In my notebook at the exhibition I wrote of this last work, “one of the most inspiring paintings I have seen in some time.” While it may seem that I am fetishizing incidents of painterliness rather than focusing on a dryer analysis of the role in which Davis is fixed as a somewhat maverick American modernist addressing commodity culture and language, I am responding to the aliveness of these incidents within the painting and to the expanding family of painters that individually and together give me the sense of optimism about artmaking that is essential to its continued practice.


I have in recent months expressed exasperation at the recent phenomenon in the artworld of finally giving old, very old women artists–100 is the new 70–“their due,” with the current exhibition of Carmen Herrera’s work a prime example. I don’t think I am alone in not having heard of Herrera’s work until her work became an instance of this phenomenon and, seeing her work in reproduction with no previous experience of it, the flatness of the work combined with the formal reductiveness did not appeal to me. However “The Blanco Y Verde Series, 1959-1971, a group of nine white and green paintings, handsomely installed in the central room of the show, offers yet another proof of the necessity of seeing in person abstract work which may appear so flat and graphic in reproduction that it does not convey the need to see the actual work. This is one of the works from the series, as reproduced on the museums website. Here are two pictures of it I took, one close up.



Herrera’s work is indeed extremely flat and for the most part without surface incident that would betray the trace of a hand. Only if, out of professional curiosity, you look very closely you can see in rare instances some traces of how the paint was applied. Yet in some of the work, notably the Blanco Y Verde series, a group of nine large easel size canvases with flat white surfaces crossed by delicate green darts or shards meeting at sharp finally balanced points of tension, there is a weight that comes from the totality of the surface of each work as well as the group of paintings as a sculptural installation.  Something  happens at the sharp points where green and white intersect and abut that interacts with the viewer’s scale, and the surfaces’ very dryness creates a kind of blank haze that the thin green darts punctuate. As is so often the case with paintings that involve a flatly applied geometric design, reproduction leaves out the objectness of the canvas, something that Herrara has carefully considered: the paintings are not framed or edged with wood as was the convention in that time period, and one painting has one side or edge of the stretcher painted green (the other edges are white).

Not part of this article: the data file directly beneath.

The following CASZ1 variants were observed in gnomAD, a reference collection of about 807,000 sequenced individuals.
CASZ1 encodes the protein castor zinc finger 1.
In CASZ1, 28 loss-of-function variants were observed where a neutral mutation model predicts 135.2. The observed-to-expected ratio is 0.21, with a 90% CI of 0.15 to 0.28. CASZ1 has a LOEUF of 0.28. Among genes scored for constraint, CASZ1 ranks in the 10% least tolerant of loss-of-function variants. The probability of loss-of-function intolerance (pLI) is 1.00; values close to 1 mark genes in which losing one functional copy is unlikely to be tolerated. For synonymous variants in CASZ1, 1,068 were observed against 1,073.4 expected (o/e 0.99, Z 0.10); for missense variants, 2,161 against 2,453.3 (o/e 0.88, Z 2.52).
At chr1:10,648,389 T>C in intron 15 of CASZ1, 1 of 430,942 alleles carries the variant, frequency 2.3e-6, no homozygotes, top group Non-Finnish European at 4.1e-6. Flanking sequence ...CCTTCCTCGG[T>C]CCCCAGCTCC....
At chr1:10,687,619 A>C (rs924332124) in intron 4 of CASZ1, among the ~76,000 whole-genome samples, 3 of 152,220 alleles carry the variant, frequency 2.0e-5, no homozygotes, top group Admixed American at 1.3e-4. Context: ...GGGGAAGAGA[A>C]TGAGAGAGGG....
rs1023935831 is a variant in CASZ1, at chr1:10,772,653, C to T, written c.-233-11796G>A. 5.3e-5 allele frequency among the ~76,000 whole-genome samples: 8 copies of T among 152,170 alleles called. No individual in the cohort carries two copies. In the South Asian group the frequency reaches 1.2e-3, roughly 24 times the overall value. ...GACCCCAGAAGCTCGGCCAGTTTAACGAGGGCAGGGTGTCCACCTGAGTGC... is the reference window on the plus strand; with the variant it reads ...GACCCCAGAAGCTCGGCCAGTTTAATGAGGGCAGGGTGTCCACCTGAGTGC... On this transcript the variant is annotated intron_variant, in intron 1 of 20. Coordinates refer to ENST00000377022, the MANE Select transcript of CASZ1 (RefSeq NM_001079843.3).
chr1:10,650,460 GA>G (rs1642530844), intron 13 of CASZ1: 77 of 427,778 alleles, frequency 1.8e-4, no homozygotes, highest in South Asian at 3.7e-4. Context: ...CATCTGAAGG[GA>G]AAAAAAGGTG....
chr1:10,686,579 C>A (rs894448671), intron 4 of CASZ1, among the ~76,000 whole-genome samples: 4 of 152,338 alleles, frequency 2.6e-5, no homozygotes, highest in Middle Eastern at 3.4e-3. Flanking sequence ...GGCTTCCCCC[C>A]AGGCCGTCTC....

year-herrera-detail-green-edge-img_1472 year-herrera-detail-white-edge-img_1473


The question of objectness, presence, and facticity is also relevant to the rare and amazing installation of paintings by Swedish early 20th century artist Hilma af Klint now on view as part of The Keeper exhibition. Sunday September 25th is the last day. RUN to see it if you are in New York, otherwise plan a trip to the Moderna Museet in Sweden.

A friend, artist but not painter, warned me that I might be disappointed by Hilma af Klint’s paintings because they were not very well painted. Having seen her work before I wasn’t too concerned. But upon walking into the exhibition my friend’s response was intriguing and important: not well painted in relation to what? according to what standard?

Klint’s surfaces are generally very dry and mostly flat though each painting may have large or small areas that are brushy or have a clearly demarcated section of impasto. I recommend walking around and around the installation, trying to not look at the sculptures by Carol Bove and others that are for some unfathomable reason plopped in front of the continuous row of paintings that are hung on three walls of the fourth floor. Perfectly fine sculptures in a range of materials from steel to plastic, they nevertheless seem placed there to deliberately test the viewer’s ability to not look at them so that they can concentrate on the paintings they obscure. Luckily the paintings sing out and overpower any such artworld interference.


My first round began to the right of the elevators. I stopped at  Swann#18, a series of uneven concentric circle of deep black, red, blue and yellow hover on a red earth ground, brushy and uneven. Three dart like shapes pierce through the ovum of the black circle, and while everything is very precise, the edges of the forms and lines are uneven, but the brushy patchy earth red ground and the slight imperfections of the lines don’t give an impression of weakness or failure or lack of interest on the part of the artist. Each surface, each transparency or opacity is considered and is part of the meaning of the work. This is not decorative or about painterliness or figure/ground, they are “about” a space and a theory which is real to her and it then operates effectively to create space. At the same time the contrast between the dense blackness and the light filled thin red ground serves to give the work a very contemporary feeling. In fact it blows out of the water similar works that came after in the conventional timeline of  modernism. Look at Swann#18 and think about Kenneth Noland. No difference in surface or scale. [Trigger warning, his website has music, it is kind of hilarious and fun.]

These works were done between 1914-1915. Think of the abstractions being done around Europe at that time, many of them small and even clumsy and half-hearted or half-assed in their approach to pure abstraction–I’m talking about you Robert Delaunay–and I am bringing this up because when MoMA organized their 2012 survey exhibition, Inventing Abstraction: 1910-1925, they included Delaunay, but not Klint, of which exclusion more later.